About Marilyn Manson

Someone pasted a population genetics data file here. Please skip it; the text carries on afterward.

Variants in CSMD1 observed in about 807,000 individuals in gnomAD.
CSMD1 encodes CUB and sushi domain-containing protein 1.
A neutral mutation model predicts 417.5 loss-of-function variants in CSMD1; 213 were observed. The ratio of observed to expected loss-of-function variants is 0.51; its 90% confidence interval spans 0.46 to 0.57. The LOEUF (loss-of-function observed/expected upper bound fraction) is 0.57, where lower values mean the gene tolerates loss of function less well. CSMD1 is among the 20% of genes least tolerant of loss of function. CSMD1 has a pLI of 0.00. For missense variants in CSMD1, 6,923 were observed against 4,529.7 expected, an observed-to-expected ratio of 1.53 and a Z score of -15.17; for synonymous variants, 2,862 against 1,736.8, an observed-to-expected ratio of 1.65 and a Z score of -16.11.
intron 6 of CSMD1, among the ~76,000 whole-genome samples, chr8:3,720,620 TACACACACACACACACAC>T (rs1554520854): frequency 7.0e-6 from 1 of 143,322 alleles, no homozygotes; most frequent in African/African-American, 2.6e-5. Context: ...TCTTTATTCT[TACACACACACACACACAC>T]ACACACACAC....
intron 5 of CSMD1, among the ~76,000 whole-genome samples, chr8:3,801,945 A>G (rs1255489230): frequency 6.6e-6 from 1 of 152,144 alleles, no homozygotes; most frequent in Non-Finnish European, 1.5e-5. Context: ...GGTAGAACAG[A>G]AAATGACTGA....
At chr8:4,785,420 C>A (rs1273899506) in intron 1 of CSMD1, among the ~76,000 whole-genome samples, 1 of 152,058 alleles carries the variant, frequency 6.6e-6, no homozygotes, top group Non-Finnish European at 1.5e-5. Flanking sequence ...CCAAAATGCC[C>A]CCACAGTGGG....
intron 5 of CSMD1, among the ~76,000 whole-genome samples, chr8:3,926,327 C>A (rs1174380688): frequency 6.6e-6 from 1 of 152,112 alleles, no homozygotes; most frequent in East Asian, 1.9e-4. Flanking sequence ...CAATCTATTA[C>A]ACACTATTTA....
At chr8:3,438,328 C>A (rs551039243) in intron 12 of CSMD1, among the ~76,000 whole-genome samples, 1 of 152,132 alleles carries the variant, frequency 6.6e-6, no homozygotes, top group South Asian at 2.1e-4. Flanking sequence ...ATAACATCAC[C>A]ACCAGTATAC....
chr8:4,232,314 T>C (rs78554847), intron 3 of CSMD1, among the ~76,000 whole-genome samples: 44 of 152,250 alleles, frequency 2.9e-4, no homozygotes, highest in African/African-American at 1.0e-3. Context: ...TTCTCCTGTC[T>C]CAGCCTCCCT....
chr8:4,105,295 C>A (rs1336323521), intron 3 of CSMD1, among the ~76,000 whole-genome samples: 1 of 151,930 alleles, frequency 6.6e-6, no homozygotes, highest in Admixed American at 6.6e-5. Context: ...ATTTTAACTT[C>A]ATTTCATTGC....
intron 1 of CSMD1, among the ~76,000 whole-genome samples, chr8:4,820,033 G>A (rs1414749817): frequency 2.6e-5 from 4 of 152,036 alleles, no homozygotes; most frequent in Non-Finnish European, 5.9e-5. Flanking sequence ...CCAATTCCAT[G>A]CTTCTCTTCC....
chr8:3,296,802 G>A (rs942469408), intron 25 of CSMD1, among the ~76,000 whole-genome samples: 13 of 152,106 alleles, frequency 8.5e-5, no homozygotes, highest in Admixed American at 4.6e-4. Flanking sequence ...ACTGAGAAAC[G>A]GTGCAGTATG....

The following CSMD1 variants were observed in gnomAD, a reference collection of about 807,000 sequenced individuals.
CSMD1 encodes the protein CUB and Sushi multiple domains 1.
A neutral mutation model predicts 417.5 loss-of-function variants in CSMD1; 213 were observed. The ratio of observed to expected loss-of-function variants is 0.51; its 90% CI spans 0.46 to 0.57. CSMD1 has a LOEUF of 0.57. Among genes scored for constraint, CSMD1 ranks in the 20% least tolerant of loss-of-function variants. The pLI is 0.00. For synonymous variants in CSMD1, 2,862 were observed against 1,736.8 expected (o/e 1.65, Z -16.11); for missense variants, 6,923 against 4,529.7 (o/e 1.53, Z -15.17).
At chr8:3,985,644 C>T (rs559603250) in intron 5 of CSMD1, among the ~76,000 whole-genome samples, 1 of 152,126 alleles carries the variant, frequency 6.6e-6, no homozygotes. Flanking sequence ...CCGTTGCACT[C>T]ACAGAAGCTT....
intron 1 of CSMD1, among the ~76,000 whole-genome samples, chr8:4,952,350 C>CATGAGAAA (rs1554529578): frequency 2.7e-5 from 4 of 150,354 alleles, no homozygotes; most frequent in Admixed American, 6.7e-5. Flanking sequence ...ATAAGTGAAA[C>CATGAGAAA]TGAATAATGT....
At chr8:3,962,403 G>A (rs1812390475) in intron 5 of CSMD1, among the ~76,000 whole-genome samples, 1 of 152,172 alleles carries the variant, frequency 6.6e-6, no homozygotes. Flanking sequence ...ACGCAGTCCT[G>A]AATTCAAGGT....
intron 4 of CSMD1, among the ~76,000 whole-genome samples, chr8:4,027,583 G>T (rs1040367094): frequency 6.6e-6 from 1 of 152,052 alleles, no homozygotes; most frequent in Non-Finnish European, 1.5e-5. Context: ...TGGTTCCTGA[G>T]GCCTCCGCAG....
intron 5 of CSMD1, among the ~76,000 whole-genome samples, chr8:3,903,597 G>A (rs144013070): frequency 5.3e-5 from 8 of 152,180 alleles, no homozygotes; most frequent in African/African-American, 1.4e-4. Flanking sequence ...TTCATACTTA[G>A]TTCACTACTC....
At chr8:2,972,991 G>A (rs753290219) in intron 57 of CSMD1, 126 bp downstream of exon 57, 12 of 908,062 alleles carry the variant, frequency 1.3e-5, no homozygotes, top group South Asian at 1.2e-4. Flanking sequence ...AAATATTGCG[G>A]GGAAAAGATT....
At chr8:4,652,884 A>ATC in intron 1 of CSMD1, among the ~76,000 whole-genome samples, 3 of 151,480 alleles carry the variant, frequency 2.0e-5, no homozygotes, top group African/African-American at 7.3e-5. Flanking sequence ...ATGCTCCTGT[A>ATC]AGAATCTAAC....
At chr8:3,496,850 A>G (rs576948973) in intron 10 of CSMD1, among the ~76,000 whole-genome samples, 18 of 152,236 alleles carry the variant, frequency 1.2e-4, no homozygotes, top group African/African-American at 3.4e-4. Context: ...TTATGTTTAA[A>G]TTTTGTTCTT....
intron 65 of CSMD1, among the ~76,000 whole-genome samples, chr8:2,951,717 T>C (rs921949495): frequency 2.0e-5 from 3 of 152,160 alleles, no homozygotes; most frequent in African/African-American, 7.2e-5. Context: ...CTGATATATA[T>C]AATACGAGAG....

Much like his idol, David Bowie, Marilyn Manson possesses cultural influence that’s far-reaching and always evolving. The artist born Brian Warner in 1969 assumed his outrageous persona—the name is a portmanteau of Marilyn Monroe and Charles Manson—in the early ’90s and formed a band, which also came to be called Marilyn Manson. A deal with Nothing Records, the label founded by Nine Inch Nails’ Trent Reznor, soon followed, as did their first hit: an ominous, slowed-down cover of Eurythmics’ “Sweet Dreams (Are Made of This).” Soon after, Manson grew into one of the most polarizing figures of the decade, thanks to controversial songs about power and religion (as heard on 1996’s Antichrist Superstar) and over-the-top live concerts. Musically, he proved himself a Bowie-like sonic chameleon: The band’s two No. 1 albums, 1998’s Mechanical Animals and 2003’s The Golden Age of Grotesque, touched on stomping glam, groove-heavy metal, jagged hard rock, and beat-driven synth-pop. Over the years, Manson also continued his creative journey by surrounding himself with unexpected collaborators, such as composer Tyler Bates and longtime friend Shooter Jennings. Both men have helped keep his music fresh and forward-thinking, which is one reason Manson has inspired modern hip-hop—Kanye West evoked Manson’s hit “The Beautiful People” on “Black Skinhead,” while rappers such as Travis Scott and Lil Uzi Vert are avowed super-fans—and echoes of his electro-industrial hard rock reverberate through contemporary heavy bands like Motionless In White.
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